This tool includes many different features which can benefit students here at Penn. Here are a few :

  • Text-to-speech features for selected passages or entire documents (works with emails, web browsers, PDFs, and more!)
    • While the text is read aloud, the associated words are highlighted on the screen. (This can help keep the reader focused)
  • Text and picture dictionaries to aid in students’ reading
  • A speech to text feature that can aid in students’ writing
  • A simplifying text features that gets rid of ads and other distracting features from web pages
  • Tools to highlight and underline while you are reading

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This is a great tool to try, especially because it is free! If you are interested in learning more about this tool or other technology that can be useful, call the Weingarten Learning Resources Center at (215) 573-9235 to make an appointment with Amrou or with one of our other learning instructors!

By Staff Writer: Kelcey Grogan, Learning Fellow and Learning Instructor

Infographics in 1914: Simple Still Reigns

As educators, we love finding new ways to implement technology and keep things fresh for students.

 

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As technology advances, so do the demands on educators: innovative, marketed content is no longer an innovation. It’s an expectation.

My friends at Weigle Information Commons sent over this article, featuring a How-to book on Infographics from 1914.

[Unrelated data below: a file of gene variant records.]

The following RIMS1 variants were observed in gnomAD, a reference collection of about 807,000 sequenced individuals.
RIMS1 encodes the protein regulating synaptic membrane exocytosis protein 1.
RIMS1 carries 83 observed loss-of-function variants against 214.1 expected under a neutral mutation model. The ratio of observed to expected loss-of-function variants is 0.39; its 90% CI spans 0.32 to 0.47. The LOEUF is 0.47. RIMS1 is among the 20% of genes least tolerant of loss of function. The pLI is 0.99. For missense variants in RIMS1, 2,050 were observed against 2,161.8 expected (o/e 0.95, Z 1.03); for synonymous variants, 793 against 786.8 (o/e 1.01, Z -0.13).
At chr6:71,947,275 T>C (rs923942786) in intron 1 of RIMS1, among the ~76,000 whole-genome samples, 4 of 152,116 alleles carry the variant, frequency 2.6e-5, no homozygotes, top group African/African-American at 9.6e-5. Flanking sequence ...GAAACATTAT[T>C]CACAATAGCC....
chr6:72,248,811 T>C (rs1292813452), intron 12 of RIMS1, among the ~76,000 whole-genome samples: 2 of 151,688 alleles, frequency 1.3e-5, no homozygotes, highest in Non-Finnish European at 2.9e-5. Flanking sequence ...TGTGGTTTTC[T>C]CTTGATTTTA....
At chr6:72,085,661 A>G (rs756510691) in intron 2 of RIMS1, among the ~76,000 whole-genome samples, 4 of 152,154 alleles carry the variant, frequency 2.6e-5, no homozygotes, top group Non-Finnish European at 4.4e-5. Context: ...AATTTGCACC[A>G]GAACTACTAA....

You heard me right: an infographic manual from 101 years ago.

 

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A fan of sites like piktochart and canva, I loved reading about the history of these visual pieces which boomed in accord with the news demands around the wars of the 20th century. Like our students, the general public needed clear images and graphs to understand complex ideas around war and production.

 

 

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It’s hard to believe infographics were actually created when Penn students dressed like this:

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Informing and educating through graphics and flashy images is really nothing new and now I can justify the cost of the piktochart professional upgrade with 100 year old data.

All jokes aside, Brighton’s book offers a quick, integral reminder for all technology pioneers of 1914 that I really needed to hear:

“You can’t throw curves… for general use, graphic charts must be simple.”

That’s some 100 year old wisdom that we can use today.

If our technological experiments in the classroom are simple, the failures and successes will be as well.

Small failures and set backs have another term among educators—lessons. And small wins add up fast.

The next time I go to create a new infographic for a workshop or meeting, I’ll boil my content down even further.
And I’ll certainly be less likely to take free data visualization software for granted.

 

 

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This blog post brought to you in collaboration by:

wicLogo2   WLRC

 

Staff Blogger: Jen Papadakis